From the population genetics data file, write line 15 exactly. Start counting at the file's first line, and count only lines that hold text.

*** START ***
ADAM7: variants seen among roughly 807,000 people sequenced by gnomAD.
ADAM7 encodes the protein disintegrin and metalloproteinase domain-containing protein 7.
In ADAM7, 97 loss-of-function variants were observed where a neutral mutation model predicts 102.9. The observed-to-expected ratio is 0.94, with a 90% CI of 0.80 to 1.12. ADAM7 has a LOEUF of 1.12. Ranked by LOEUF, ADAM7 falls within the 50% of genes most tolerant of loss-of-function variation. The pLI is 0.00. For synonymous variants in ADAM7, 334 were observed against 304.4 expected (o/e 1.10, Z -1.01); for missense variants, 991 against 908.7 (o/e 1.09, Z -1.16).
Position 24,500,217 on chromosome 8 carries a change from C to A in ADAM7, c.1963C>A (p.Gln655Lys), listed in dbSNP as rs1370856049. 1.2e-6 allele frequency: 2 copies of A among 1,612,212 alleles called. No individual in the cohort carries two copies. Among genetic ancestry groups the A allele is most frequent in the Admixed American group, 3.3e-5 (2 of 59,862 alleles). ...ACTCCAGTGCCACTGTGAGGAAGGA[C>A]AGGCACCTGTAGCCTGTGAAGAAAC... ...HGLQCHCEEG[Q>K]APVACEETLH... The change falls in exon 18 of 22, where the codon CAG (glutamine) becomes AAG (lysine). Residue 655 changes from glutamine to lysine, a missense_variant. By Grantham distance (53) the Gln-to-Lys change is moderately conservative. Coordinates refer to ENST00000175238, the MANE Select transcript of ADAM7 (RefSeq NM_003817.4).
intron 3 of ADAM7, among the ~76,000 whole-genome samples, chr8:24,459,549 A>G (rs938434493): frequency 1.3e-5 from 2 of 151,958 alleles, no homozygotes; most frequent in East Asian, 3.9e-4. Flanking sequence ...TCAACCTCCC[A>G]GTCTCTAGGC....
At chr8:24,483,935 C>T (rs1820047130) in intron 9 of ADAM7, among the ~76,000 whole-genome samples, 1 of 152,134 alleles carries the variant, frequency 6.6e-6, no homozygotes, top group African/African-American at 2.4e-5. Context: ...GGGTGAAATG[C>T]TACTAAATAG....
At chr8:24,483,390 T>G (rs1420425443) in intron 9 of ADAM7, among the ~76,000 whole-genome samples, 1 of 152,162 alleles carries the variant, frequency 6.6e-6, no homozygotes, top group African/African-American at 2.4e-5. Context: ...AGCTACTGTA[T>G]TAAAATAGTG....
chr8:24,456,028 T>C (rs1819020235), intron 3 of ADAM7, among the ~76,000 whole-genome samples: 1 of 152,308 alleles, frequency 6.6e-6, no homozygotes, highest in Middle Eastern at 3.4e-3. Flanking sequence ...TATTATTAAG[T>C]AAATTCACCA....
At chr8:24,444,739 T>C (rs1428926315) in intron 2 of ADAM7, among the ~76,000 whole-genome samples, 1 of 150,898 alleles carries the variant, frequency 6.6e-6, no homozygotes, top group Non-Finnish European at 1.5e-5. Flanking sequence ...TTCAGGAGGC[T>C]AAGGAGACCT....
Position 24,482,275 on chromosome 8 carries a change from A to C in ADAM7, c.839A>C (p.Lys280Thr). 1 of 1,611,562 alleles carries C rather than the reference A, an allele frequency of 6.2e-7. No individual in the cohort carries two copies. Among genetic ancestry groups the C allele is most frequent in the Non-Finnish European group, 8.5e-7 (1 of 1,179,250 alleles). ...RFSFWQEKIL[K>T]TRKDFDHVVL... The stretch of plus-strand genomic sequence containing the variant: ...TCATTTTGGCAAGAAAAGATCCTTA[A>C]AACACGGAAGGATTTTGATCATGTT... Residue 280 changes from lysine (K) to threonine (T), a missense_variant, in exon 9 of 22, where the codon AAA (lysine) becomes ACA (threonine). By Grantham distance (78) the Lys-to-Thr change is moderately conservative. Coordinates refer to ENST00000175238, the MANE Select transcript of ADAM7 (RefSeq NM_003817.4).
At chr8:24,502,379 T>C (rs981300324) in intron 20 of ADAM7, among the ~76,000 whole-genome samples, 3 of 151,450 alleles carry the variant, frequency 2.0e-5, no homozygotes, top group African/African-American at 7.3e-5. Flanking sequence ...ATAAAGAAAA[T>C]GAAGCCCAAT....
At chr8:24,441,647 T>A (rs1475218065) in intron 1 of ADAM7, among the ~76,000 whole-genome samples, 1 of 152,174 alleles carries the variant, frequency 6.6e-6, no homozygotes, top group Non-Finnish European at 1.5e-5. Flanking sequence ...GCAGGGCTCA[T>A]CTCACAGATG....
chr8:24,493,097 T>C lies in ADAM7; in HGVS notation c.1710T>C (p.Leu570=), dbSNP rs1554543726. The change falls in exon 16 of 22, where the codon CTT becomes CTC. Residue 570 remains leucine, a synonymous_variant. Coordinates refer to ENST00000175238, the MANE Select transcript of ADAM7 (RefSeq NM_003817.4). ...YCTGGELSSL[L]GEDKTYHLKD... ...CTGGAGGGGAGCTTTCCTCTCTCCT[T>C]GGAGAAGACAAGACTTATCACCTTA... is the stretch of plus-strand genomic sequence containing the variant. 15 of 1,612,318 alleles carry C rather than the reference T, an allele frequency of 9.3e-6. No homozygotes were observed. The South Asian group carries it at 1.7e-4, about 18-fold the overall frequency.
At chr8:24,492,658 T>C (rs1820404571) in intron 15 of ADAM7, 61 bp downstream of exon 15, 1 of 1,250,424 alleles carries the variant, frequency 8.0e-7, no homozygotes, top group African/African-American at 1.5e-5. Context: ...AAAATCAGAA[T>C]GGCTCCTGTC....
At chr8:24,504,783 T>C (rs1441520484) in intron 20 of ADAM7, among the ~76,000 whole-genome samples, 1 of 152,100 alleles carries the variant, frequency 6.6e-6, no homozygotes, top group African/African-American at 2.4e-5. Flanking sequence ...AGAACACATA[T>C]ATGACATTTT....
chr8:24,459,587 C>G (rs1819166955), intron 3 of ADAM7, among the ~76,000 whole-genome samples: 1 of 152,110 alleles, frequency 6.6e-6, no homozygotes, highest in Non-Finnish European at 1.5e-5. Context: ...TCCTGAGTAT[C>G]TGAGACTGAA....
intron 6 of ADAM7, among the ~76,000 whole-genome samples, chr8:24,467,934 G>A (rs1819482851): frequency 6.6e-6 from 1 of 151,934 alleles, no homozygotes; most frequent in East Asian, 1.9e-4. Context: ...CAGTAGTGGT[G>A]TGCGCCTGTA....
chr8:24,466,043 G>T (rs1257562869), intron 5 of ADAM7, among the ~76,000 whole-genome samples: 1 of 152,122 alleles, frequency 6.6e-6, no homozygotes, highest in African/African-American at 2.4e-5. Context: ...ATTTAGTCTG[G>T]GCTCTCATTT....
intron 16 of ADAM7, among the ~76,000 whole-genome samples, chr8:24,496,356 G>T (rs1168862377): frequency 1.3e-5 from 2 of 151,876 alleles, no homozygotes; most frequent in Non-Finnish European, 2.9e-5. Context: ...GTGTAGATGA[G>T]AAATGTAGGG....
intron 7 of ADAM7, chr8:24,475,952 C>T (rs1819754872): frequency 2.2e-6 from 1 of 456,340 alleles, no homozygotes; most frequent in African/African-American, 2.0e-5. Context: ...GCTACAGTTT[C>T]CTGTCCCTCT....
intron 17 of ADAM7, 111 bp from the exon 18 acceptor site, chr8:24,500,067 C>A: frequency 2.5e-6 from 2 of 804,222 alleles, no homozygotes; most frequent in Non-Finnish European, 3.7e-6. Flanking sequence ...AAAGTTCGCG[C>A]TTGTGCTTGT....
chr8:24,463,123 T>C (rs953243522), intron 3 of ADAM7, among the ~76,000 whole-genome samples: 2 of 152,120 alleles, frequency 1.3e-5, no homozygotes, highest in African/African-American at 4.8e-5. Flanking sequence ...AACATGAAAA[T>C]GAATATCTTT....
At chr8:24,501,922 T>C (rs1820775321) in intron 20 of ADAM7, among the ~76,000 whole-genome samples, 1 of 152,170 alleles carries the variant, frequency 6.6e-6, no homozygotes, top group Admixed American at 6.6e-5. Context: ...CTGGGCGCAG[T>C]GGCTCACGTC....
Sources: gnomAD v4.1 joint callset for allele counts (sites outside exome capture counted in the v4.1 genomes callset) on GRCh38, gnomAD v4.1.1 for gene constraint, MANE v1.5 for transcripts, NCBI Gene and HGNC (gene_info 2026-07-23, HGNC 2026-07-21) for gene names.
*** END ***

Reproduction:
At chr8:24,504,783 T>C (rs1441520484) in intron 20 of ADAM7, among the ~76,000 whole-genome samples, 1 of 152,100 alleles carries the variant, frequency 6.6e-6, no homozygotes, top group African/African-American at 2.4e-5. Flanking sequence ...AGAACACATA[T>C]ATGACATTTT....